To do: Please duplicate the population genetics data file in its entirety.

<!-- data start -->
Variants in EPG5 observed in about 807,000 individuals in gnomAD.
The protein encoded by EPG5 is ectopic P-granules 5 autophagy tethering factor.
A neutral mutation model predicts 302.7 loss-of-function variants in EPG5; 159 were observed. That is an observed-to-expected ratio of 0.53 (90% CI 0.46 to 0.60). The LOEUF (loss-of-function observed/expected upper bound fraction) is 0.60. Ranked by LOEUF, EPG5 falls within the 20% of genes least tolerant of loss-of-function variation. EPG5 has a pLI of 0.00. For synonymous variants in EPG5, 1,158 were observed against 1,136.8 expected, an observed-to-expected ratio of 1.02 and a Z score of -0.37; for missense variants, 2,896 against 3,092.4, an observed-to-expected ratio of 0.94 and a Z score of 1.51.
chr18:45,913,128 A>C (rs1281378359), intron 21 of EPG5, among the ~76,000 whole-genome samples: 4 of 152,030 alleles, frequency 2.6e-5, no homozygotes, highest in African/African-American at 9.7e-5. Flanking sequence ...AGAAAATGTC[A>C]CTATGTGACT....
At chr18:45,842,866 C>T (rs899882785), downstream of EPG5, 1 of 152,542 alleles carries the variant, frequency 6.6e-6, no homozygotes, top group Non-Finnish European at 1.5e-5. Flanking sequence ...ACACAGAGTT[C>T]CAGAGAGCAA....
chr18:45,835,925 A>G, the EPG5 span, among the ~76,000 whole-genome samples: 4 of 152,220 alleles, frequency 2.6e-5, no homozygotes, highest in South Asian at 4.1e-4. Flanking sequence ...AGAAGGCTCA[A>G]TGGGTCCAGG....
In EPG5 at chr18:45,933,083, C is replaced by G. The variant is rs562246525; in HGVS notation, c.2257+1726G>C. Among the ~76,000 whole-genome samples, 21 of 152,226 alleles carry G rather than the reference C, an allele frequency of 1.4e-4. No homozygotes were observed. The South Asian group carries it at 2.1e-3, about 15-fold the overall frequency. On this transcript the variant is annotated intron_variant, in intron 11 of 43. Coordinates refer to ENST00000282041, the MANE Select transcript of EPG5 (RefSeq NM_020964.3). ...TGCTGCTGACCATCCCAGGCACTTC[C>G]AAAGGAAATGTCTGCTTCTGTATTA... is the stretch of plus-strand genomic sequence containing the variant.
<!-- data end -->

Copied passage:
Variants in EPG5 observed in about 807,000 individuals in gnomAD.
The protein encoded by EPG5 is ectopic P-granules 5 autophagy tethering factor.
A neutral mutation model predicts 302.7 loss-of-function variants in EPG5; 159 were observed. That is an observed-to-expected ratio of 0.53 (90% CI 0.46 to 0.60). The LOEUF (loss-of-function observed/expected upper bound fraction) is 0.60. Ranked by LOEUF, EPG5 falls within the 20% of genes least tolerant of loss-of-function variation. EPG5 has a pLI of 0.00. For synonymous variants in EPG5, 1,158 were observed against 1,136.8 expected, an observed-to-expected ratio of 1.02 and a Z score of -0.37; for missense variants, 2,896 against 3,092.4, an observed-to-expected ratio of 0.94 and a Z score of 1.51.
chr18:45,913,128 A>C (rs1281378359), intron 21 of EPG5, among the ~76,000 whole-genome samples: 4 of 152,030 alleles, frequency 2.6e-5, no homozygotes, highest in African/African-American at 9.7e-5. Flanking sequence ...AGAAAATGTC[A>C]CTATGTGACT....
At chr18:45,842,866 C>T (rs899882785), downstream of EPG5, 1 of 152,542 alleles carries the variant, frequency 6.6e-6, no homozygotes, top group Non-Finnish European at 1.5e-5. Flanking sequence ...ACACAGAGTT[C>T]CAGAGAGCAA....
chr18:45,835,925 A>G, the EPG5 span, among the ~76,000 whole-genome samples: 4 of 152,220 alleles, frequency 2.6e-5, no homozygotes, highest in South Asian at 4.1e-4. Flanking sequence ...AGAAGGCTCA[A>G]TGGGTCCAGG....
In EPG5 at chr18:45,933,083, C is replaced by G. The variant is rs562246525; in HGVS notation, c.2257+1726G>C. Among the ~76,000 whole-genome samples, 21 of 152,226 alleles carry G rather than the reference C, an allele frequency of 1.4e-4. No homozygotes were observed. The South Asian group carries it at 2.1e-3, about 15-fold the overall frequency. On this transcript the variant is annotated intron_variant, in intron 11 of 43. Coordinates refer to ENST00000282041, the MANE Select transcript of EPG5 (RefSeq NM_020964.3). ...TGCTGCTGACCATCCCAGGCACTTC[C>G]AAAGGAAATGTCTGCTTCTGTATTA... is the stretch of plus-strand genomic sequence containing the variant.